Sanders spox: The answer to Trump is not a hostile corporate takeover of the Democratic Party

(Image: CNN screenshot)

An adviser to the Bernie Sanders presidential campaign slammed billionaire Michael Bloomberg as the wrong person to take on President Donald Trump and win the election.

Sanders campaign senior adviser Jeff Weaver spoke to CNN’s Wolf Blitzer about the record of the former New York City mayor, noting that voters watching his debate-stage debut in Las Vegas on Wednesday will be surprised at “what they’re being sold.”

(Source: CNN)

“You saw some of the attacks that Michael Bloomberg is launching at your candidate, and Senator Sanders is certainly going to have a target on his back after this latest polling showing that he is number one, at least in the latest national poll,” Blitzer said on “The Situation Room” Tuesday.

“How cut throat is this going to be on the debate stage tomorrow night?” he asked.

“Well, Wolf, it is not going to be cut throat, but I do think that voters are entitled to a vigorous approach to the issues,” Weaver replied.

He went on to note Bloomberg’s policies and recently resurfaced comments from the Democratic 2020 contender that have made headlines in the past week.

“Today we learned he said that in order to defend defense spending we had to cut Social Security, Medicaid and Medicare. We learned that he thinks farmers don’t have a lot of gray matter. We’ve learned that he is opposed to minimum wage, opposed to raising taxes on the rich, and on and on it goes,” Weaver said.

“You know, gentrification, stop-and frisk…this is not in line with the Democratic voters,” he added. “I think when we get on that stage this week people are going to be really shocked to find out what Mike Bloomberg is really trying to sell them.”

Blitzer jumped in to note that Bloomberg has backtracked and apologized over some of his past positions.

The three-term mayor recently apologized for his administration’s controversial “stop and frisk” policy though he had spent years defending it. Speaking at a predominantly black church in Brooklyn last November, Bloomberg said he didn’t realize the impact the policy, which was later repealed, had on black and Latino communities.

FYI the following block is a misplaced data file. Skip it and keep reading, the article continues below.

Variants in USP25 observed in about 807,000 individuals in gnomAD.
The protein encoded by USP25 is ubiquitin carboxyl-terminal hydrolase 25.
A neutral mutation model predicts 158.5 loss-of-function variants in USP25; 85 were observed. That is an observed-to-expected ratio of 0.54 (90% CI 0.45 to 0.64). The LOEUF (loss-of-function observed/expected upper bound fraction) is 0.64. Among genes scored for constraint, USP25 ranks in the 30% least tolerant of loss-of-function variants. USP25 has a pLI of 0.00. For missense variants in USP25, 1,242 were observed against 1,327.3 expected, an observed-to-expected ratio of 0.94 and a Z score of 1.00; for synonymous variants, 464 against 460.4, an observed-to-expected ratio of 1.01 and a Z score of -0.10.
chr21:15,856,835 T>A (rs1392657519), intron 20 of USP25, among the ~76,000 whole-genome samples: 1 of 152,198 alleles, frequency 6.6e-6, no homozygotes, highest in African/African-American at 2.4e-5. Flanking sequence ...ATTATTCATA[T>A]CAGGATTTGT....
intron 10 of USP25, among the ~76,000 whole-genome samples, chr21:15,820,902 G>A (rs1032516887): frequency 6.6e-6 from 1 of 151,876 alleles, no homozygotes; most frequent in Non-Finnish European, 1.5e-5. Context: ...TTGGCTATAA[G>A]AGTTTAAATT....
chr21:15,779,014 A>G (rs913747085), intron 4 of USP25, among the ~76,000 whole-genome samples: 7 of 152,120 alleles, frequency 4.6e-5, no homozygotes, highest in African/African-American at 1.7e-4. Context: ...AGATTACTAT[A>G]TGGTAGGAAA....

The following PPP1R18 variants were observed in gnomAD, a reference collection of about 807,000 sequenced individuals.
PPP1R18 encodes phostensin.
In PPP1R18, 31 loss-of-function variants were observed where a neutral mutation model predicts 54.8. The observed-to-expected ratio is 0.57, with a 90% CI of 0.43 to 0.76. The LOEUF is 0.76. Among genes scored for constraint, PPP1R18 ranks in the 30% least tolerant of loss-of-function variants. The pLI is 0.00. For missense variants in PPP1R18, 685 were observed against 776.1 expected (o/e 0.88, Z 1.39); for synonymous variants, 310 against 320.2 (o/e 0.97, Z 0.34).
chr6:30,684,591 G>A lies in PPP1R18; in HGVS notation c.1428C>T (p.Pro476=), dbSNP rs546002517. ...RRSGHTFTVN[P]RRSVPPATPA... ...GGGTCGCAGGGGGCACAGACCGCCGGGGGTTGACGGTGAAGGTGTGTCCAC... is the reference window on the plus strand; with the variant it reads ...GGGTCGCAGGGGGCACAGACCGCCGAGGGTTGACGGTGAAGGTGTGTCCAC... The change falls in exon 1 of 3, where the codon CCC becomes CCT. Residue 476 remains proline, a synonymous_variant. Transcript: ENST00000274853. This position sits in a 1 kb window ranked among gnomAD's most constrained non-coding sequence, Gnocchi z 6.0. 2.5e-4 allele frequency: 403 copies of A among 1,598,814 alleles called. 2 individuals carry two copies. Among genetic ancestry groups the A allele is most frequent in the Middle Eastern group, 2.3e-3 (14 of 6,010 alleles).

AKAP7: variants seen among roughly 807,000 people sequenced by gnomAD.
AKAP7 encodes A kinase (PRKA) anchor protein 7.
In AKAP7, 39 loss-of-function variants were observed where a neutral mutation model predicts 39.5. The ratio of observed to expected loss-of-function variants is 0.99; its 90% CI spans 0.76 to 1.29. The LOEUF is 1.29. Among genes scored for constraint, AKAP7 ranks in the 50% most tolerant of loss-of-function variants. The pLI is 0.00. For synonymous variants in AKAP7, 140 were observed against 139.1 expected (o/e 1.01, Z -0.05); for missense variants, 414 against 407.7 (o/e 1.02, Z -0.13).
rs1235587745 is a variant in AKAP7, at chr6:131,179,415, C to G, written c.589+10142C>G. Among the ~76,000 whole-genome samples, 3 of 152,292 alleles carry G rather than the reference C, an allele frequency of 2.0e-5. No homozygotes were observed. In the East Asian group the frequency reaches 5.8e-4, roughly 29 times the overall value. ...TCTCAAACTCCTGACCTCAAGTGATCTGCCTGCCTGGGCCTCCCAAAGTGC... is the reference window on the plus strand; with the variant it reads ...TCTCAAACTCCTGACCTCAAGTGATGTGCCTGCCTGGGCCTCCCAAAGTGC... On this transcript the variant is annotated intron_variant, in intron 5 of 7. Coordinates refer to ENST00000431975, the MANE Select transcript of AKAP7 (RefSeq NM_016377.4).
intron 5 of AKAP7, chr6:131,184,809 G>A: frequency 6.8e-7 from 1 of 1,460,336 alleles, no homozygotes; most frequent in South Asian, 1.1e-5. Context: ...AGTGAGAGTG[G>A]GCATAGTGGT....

“I got something important really wrong. I didn’t understand back then the full impact that stops were having on the black and Latino communities. I was totally focused on saving lives — but as we know, good intentions aren’t good enough,” he said at the time.

“Just to point out some of those positions that you just spelled out,” Blitzer said to Weaver on Tuesday. “He said that years ago, and some of them he has already apologized for. You don’t necessarily believe that he still believes all of those things, do you?”

“Well, what you are telling me, Wolf, is that he’s changed on all of those things?” Weaver questioned.

“Candidates can evolve on an issue or two or have a different way of looking at something over time,” he added. “But a candidate who is completely remaking himself so that virtually every position he’s ever had he’s now repudiating — folks got to worry about what they’re being sold.”

“The answer to Trump’s right-wing reactionary politics is not a hostile corporate takeover of the Democratic Party or of the White House,” he added.

Fox News host Tucker Carlson blasted Bloomberg this week for not having any ideas to run on and for essentially trying to buy his way to the White House.

“He’s not trying to convince voters of anything. He’s not making arguments or working to change their minds on policies they care about,” Carlson said on “Tucker Carlson Tonight” Monday. “He’s trying to buy them and hence, the presidency.”

Carlson also accused Bloomberg of doing “whatever it takes” to secure the Democratic nomination, even if it means disavowing his former views.